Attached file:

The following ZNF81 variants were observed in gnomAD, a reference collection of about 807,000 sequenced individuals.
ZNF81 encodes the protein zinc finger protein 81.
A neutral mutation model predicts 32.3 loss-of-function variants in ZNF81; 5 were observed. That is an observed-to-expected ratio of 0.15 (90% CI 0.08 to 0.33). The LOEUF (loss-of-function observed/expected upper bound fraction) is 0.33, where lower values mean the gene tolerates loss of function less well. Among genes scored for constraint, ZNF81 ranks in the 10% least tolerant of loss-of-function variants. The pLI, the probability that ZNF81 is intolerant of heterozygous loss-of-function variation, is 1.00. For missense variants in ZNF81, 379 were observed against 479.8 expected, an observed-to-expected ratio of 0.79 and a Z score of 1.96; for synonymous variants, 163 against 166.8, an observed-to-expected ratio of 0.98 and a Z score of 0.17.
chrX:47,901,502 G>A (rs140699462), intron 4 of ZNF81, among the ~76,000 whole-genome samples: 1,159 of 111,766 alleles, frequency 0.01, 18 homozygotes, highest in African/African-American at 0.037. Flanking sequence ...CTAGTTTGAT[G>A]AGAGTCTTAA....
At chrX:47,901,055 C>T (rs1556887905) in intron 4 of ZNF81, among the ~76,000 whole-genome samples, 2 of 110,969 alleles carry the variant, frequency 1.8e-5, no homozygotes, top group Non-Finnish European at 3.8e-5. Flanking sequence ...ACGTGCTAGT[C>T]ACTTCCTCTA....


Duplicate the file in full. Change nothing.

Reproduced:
The following ZNF81 variants were observed in gnomAD, a reference collection of about 807,000 sequenced individuals.
ZNF81 encodes the protein zinc finger protein 81.
A neutral mutation model predicts 32.3 loss-of-function variants in ZNF81; 5 were observed. That is an observed-to-expected ratio of 0.15 (90% CI 0.08 to 0.33). The LOEUF (loss-of-function observed/expected upper bound fraction) is 0.33, where lower values mean the gene tolerates loss of function less well. Among genes scored for constraint, ZNF81 ranks in the 10% least tolerant of loss-of-function variants. The pLI, the probability that ZNF81 is intolerant of heterozygous loss-of-function variation, is 1.00. For missense variants in ZNF81, 379 were observed against 479.8 expected, an observed-to-expected ratio of 0.79 and a Z score of 1.96; for synonymous variants, 163 against 166.8, an observed-to-expected ratio of 0.98 and a Z score of 0.17.
chrX:47,901,502 G>A (rs140699462), intron 4 of ZNF81, among the ~76,000 whole-genome samples: 1,159 of 111,766 alleles, frequency 0.01, 18 homozygotes, highest in African/African-American at 0.037. Flanking sequence ...CTAGTTTGAT[G>A]AGAGTCTTAA....
At chrX:47,901,055 C>T (rs1556887905) in intron 4 of ZNF81, among the ~76,000 whole-genome samples, 2 of 110,969 alleles carry the variant, frequency 1.8e-5, no homozygotes, top group Non-Finnish European at 3.8e-5. Flanking sequence ...ACGTGCTAGT[C>T]ACTTCCTCTA....